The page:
September 15, 2005

Crescent of Embrace


Over the last week, there's been a fully justified controversy over the proposed Flight 93 memorial, called "Crescent of Embrace", because its red crescent shape is a symbol of the hijackers' religion. AP reports today that the architect has offered to alter his design due to public criticism. That's a start, but Michelle Malkin warns that the controversy is not over.

Commentary on the proposed memorial:

Flight 93, Re-Hijacked by Mark Steyn:

The memorial is called "The Crescent of Embrace." That sounds like a fabulous winning entry -- in a competition to create a note-perfect parody of effete multicultural responses to terrorism. Indeed, if anything, it's too perfect a parody: the "embrace" is just the usual huggy-weepy reconciliatory boilerplate, but the "crescent" transforms its generic cultural abasement into something truly spectacular. In the design plans, "The Crescent of Embrace" looks more like the embrace of the Crescent -- ie, Islam. After all, what better way to demonstrate your willingness to "embrace" your enemies than by erecting a giant Islamic crescent at the site of the day's most unambiguous episode of American heroism?"

Monumental surrender by Michelle Malkin:

Let's set aside the utter boneheaded-ness of using a symbol that, inadvertently or not, commemorates the killers' faith instead of the victims' revolt. The soft-and-fuzzy memorial design of "Crescent of Embrace" still does injustice to the steely courage of the Flight 93's passengers and crew. It evokes the defeatism embodied by those behind a similar move to turn the 9/11 memorial at Ground Zero in New York City into a pacifist guilt complex. This is no way to fight a war. Or to remember those who have died fighting it.

Speaking of Ground Zero, visit Take Back The Memorial for the latest on the WTC 9/11 memorial fight.

For more on the proposed Flight 93 memorial, see Charles Johnson (and here) and Belmont Club.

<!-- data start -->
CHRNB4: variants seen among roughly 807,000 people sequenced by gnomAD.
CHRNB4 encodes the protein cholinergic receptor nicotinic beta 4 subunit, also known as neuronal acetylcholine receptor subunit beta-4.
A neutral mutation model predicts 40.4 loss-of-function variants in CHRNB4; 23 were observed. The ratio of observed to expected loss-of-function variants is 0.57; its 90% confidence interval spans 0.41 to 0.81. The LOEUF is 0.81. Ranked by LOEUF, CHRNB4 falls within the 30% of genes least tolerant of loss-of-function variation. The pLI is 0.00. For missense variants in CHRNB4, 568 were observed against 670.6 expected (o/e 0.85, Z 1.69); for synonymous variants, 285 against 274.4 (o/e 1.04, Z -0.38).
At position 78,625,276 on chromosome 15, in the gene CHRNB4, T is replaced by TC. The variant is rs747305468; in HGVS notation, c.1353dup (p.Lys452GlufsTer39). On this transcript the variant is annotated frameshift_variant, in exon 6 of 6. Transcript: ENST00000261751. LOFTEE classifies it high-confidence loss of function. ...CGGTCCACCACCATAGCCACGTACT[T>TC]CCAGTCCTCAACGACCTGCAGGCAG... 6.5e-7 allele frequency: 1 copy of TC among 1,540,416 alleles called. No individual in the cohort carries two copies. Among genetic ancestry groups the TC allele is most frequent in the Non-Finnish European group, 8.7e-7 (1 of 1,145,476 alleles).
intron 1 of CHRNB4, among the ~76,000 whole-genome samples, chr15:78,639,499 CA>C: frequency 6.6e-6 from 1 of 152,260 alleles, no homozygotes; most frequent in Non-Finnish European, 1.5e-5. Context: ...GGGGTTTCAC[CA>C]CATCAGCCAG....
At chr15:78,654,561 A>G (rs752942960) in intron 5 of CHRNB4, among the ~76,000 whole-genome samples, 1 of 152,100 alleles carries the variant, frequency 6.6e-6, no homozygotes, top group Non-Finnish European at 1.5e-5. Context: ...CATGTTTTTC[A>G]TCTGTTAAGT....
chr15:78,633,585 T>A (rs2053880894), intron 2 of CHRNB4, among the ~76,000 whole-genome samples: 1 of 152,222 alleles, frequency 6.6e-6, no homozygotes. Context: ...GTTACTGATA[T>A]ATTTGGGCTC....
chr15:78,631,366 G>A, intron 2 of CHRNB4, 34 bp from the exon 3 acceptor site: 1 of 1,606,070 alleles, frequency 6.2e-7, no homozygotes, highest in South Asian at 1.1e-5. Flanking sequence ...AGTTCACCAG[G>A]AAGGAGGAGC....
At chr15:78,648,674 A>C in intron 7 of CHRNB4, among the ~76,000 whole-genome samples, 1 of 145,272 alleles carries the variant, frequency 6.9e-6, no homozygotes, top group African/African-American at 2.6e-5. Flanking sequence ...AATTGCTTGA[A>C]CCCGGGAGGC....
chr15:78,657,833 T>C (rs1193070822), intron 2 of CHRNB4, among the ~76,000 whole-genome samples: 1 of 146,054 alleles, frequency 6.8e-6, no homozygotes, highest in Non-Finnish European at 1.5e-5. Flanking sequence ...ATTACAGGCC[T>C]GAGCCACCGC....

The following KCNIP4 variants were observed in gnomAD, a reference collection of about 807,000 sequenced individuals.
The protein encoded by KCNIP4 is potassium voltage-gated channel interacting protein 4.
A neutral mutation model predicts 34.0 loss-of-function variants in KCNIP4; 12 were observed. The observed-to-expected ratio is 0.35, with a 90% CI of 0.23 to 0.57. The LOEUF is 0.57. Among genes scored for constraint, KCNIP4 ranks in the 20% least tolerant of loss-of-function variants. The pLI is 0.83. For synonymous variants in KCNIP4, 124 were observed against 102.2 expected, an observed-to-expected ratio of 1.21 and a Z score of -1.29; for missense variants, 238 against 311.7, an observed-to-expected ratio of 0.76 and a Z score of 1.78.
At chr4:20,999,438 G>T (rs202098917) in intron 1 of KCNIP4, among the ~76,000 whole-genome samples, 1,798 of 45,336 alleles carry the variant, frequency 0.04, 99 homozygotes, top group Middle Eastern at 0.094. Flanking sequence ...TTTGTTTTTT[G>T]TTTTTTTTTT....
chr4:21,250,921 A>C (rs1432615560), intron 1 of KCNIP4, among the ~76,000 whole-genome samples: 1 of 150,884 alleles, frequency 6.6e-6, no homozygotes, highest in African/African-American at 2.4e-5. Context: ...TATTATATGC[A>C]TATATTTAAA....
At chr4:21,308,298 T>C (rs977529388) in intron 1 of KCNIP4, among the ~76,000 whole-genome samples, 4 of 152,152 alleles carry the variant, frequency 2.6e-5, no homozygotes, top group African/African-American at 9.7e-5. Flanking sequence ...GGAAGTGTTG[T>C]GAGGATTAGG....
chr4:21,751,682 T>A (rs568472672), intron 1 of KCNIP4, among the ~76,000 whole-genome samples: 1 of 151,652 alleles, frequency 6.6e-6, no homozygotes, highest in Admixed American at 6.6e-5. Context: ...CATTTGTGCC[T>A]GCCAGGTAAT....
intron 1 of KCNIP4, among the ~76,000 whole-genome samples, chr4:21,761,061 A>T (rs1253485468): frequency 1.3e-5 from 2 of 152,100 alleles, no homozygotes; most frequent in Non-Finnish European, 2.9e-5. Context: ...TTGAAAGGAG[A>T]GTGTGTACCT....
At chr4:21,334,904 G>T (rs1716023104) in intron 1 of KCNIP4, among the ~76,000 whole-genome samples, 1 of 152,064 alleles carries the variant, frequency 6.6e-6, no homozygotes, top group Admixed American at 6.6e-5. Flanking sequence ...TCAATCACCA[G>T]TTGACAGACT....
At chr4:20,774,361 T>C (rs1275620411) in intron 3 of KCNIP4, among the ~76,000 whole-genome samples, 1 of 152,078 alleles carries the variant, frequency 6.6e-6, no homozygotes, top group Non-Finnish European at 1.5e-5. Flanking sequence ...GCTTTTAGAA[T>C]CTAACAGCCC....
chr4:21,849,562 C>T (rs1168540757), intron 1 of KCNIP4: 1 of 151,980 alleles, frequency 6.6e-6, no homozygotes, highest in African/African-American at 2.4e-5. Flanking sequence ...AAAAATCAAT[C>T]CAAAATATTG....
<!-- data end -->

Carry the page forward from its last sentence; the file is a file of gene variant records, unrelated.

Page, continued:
UPDATE I -- Sept. 16: Michelle Malkin has more.

UPDATE II -- Sept. 18: Tim Sumner, founder of 9/11 Families for America and a staunch supporter of the Take Back The Memorial campaign at Ground Zero, has a dissenting opinion of the criticism of the proposed Flight 93 memorial: Paul Murdoch's design is perfect for the Flight 93 memorial, that American ground where 40 heroes fell.

Could Paul Murdoch change the design and put an end to this controversy? Perhaps. If he does, will the bloggers take a fresh, objective look at his design? I hope so and I also hope that we don't let Islamic terrorists dictate every word in English we decide to keep or toss out. I ask my friends in the blogging community to take a few deep breaths as the memorial selection process continues. I think most folks will support what the selection committee finally decides upon for the Flight 93 memorial. Will everyone approve of it? No yet the Flight 93 memorial will never be desecrated by those creating it. What could happen is a group of otherwise intelligent internet bloggers will inadvertently and unfairly diminish the reputations of the good people creating the Flight 93 memorial.

Read the whole thing for Tim's full argument. I respectfully disagree with him that the design should remain a crescent, despite the fact that the design was approved by some family members. I'm readily willing to give the benefit of the doubt that not everyone involved in approving the design understood the significance of the crescent in Islam. But the Islamists know it, and they are the ones who will exploit it. Symbolism played a crucial role in the 9/11 attacks; the terrorists wanted to destroy symbols of American power and freedom as well as Americans themselves. To grant them the placement of one of their own symbols on the very site where Americans began fighting back is unacceptable.

Yes, crescents and the color red are used in many ways unrelated to Islam. Likewise, red circles are used in ways unrelated to Japan. But for good reasons I doubt you'll find a red circle as the centerpiece of any Pearl Harbor memorial.

Posted by Forkum at September 15, 2005 04:46 PM